Story last updated at 3:31 p.m. Thursday, June 27, 2002

Dollywood, coming to a stream near you

Casting About

Sepp Jannotta
There are some among us, who will admit to a secret glee over the passing of king salmon season on the Lower Peninsula streams. No, not because our king stamps look like a wasted investment. Well, at least that's not the only reason.

The end of one season means the approach of another -- Monday is the beginning of Dolly Varden season -- which means it's time to dust off the light tackle and celebrate a little elbow room.

That beautiful, clown-painted migratory char, which makes its summer residence in so many of Southcentral's salmon streams, offers a welcome change of pace from the hustle and bustle of king salmon season.

Go fishing when you feel like it, there are no weekend openings to worry about. And, as you scout for a promising hole, you're unlikely to be reminded of some childhood visit to Grand Central Station.

When you find yourself on a secluded stretch of river, casting a tiny glass bead or wet fly, or -- if you're lucky enough to find a riser -- a dry fly, you'll know you've found the answer to combat fishing.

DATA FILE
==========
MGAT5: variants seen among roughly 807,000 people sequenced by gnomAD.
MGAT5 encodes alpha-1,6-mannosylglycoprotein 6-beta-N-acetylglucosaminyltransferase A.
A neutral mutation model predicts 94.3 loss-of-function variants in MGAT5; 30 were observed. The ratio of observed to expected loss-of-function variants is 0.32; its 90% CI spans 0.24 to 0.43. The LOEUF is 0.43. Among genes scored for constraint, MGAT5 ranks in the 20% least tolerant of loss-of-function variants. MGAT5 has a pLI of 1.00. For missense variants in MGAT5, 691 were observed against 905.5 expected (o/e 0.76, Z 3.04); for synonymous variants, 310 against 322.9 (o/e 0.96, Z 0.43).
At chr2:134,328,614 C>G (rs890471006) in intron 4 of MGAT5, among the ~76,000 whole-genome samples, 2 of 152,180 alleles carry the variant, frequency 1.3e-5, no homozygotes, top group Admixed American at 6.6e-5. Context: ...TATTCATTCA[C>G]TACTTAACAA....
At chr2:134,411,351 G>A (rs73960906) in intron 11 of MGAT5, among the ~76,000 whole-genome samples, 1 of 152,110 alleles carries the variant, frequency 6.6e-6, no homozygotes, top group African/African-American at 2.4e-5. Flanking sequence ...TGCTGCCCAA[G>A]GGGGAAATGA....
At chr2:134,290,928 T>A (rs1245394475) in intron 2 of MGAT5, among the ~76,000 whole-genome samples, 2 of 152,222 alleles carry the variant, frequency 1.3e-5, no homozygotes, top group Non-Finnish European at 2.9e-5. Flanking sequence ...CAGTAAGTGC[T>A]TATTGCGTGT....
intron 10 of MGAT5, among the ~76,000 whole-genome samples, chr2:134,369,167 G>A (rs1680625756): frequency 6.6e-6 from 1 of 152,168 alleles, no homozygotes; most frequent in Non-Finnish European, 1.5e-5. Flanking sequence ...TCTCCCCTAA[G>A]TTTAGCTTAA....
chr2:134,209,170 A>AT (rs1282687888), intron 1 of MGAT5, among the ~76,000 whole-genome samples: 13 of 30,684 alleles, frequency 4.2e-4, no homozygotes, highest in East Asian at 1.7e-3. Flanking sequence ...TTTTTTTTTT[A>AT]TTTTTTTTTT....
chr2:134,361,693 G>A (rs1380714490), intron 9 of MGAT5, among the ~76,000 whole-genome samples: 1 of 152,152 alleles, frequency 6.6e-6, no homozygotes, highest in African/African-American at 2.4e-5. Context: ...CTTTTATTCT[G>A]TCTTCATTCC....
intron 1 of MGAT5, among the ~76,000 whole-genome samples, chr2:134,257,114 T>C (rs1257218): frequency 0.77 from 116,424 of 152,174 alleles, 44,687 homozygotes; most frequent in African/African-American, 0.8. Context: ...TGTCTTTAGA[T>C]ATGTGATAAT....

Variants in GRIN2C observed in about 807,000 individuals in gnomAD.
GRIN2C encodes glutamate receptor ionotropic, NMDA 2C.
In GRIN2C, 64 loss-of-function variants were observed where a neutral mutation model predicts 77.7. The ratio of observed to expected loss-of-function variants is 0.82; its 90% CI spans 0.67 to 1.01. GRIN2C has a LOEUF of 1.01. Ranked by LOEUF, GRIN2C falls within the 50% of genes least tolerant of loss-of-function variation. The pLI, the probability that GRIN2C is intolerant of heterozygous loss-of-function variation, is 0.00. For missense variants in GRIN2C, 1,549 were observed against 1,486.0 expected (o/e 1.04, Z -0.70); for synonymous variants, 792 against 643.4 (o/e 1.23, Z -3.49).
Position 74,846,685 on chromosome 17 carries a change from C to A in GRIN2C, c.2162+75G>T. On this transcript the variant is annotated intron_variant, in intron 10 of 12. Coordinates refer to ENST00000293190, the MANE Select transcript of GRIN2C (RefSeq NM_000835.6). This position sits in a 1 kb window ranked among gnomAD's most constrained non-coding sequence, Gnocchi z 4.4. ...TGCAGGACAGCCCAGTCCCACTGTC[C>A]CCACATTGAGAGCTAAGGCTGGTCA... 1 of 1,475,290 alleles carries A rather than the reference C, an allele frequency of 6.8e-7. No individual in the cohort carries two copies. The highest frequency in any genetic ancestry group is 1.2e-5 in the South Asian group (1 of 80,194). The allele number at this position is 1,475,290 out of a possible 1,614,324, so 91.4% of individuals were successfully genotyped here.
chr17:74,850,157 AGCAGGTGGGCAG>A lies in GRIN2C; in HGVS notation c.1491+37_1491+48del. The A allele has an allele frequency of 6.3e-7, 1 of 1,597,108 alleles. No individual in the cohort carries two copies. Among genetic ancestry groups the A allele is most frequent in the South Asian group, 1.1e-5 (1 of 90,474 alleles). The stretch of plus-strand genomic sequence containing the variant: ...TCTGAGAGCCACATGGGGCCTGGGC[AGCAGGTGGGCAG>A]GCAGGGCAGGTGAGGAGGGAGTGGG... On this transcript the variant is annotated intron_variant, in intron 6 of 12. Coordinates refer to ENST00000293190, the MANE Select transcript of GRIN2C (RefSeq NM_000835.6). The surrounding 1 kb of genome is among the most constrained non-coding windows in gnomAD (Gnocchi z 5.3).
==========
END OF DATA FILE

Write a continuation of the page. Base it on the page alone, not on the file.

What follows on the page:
Dollies in the neighborhood of 5 pounds are not unheard of on the Anchor River, which typically has a healthy run of the char. Only the lower river, downstream of the North Fork confluence, is open for fishing. The upper river will open August 1.

Also opening on Monday, the Ninilchik River and Deep Creek can offer good fishing Dollies.

And best of all, while the king is a relatively elusive fish, a Dolly Varden is not.

But, if you've still got the king bug, there's always the Fishing Hole on the Spit, where anglers are still pulling out a few bright fish. (Pssst, snagging for king salmon in Kachemak Bay waters is open and the Fishing Hole will be snagger-friendly starting Friday and continuing through July 7.)

Anglers can also take a shot at the early-run stragglers in the Kasilof River. This river is also home to a great run of sockeye salmon, and anglers are catching plenty of feisty reds as sonar counters have clicked off some 40,000 sockeye in the river.

The Kenai River below the Sterling Highway Bridge will open for kings on Monday, though no bait is allowed and the fishing is likely to be slow as the late run of kings continues to stage in the salt waters of Cook Inlet. The Alaska Department of Fish and Game has ordered the water upstream of the Sterling Highway Bridge closed to fishing for kings in order to give a record low run a chance.

But fishing on the middle river is open for rainbow trout, which can exceed 10 pounds both below and above Skilak Lake.

A friendly reminder: over the past several weekends, Fish and Wildlife Protection Troopers, working undercover, have handed out dozens of tickets at area rivers and beaches for violations of the state sport fishing regulations.

The offenses were often simple ones. Most often, anglers got nabbed for failing to record a king on their king stamp, or for clamming without a fishing license and the free shellfish permit.